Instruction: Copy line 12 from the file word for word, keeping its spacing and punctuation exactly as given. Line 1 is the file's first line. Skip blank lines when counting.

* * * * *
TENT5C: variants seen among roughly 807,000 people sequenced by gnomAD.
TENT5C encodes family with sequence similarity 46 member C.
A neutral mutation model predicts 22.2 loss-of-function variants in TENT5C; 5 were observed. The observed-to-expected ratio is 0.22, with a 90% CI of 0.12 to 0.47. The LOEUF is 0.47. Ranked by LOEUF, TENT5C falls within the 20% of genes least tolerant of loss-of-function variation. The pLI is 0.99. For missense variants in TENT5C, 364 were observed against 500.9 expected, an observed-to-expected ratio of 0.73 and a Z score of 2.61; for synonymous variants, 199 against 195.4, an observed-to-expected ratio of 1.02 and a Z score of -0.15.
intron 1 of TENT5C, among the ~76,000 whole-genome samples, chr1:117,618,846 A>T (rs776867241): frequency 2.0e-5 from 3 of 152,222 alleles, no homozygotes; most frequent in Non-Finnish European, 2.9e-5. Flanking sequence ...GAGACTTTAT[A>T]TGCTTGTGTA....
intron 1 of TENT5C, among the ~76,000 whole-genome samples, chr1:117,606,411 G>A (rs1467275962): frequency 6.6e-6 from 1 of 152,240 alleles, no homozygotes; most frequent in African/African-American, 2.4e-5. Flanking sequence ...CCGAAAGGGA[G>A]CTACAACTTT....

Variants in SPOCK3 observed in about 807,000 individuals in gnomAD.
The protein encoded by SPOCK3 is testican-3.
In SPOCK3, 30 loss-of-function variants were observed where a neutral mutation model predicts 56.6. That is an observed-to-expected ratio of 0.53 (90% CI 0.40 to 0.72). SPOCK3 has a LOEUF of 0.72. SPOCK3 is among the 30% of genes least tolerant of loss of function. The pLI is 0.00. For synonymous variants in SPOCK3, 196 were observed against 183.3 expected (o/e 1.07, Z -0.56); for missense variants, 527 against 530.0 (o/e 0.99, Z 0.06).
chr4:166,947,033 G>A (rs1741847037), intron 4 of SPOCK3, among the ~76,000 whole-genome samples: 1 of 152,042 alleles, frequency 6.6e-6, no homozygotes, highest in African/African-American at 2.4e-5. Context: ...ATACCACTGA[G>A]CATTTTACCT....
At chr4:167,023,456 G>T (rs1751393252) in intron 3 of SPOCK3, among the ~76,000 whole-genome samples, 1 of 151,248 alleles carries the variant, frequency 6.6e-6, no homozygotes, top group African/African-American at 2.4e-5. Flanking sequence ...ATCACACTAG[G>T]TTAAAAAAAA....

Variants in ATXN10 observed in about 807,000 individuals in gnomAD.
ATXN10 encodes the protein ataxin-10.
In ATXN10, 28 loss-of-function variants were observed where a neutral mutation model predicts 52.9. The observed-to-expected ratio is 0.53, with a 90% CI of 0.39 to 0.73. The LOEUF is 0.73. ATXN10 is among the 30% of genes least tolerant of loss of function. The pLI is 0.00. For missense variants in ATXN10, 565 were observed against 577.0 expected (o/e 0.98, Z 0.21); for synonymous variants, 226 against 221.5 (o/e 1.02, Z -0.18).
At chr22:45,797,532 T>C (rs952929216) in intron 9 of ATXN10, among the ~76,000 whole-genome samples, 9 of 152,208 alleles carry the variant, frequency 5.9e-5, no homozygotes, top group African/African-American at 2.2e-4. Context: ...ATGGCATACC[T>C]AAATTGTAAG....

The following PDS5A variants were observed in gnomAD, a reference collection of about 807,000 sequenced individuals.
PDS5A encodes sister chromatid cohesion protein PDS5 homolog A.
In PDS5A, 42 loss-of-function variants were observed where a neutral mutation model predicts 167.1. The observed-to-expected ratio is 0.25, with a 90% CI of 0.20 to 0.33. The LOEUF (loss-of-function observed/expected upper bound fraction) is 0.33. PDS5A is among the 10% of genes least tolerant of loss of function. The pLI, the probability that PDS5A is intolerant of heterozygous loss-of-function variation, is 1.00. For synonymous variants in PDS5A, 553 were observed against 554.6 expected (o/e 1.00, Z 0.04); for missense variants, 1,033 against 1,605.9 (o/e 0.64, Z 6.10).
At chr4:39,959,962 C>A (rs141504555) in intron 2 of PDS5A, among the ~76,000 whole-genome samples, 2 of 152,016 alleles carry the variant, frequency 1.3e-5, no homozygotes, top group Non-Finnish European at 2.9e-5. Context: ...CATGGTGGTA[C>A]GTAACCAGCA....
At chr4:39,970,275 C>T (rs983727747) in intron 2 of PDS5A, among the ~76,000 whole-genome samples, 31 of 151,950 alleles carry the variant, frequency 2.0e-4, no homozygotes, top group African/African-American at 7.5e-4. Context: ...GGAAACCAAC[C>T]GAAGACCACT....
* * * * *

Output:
ATXN10 encodes the protein ataxin-10.